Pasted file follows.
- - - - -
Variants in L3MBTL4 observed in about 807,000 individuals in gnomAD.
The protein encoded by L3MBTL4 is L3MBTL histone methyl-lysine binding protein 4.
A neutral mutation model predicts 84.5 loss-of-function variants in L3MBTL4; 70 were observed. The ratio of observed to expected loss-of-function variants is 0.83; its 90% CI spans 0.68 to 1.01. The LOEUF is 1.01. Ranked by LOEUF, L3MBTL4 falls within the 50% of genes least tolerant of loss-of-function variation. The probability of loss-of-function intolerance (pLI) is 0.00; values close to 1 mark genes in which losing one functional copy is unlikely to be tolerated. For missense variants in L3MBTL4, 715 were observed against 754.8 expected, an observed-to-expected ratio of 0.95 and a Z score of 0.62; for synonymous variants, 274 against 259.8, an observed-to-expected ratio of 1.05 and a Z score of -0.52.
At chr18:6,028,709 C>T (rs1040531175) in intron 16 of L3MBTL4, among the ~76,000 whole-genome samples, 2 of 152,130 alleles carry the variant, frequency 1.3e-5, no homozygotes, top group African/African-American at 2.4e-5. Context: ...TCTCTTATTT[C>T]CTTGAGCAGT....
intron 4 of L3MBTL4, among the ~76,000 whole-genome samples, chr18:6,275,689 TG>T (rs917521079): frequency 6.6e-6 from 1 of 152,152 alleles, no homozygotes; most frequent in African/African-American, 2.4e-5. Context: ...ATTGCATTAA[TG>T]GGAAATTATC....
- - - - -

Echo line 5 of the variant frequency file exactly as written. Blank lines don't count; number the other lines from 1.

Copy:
intron 4 of L3MBTL4, among the ~76,000 whole-genome samples, chr18:6,275,689 TG>T (rs917521079): frequency 6.6e-6 from 1 of 152,152 alleles, no homozygotes; most frequent in African/African-American, 2.4e-5. Context: ...ATTGCATTAA[TG>T]GGAAATTATC....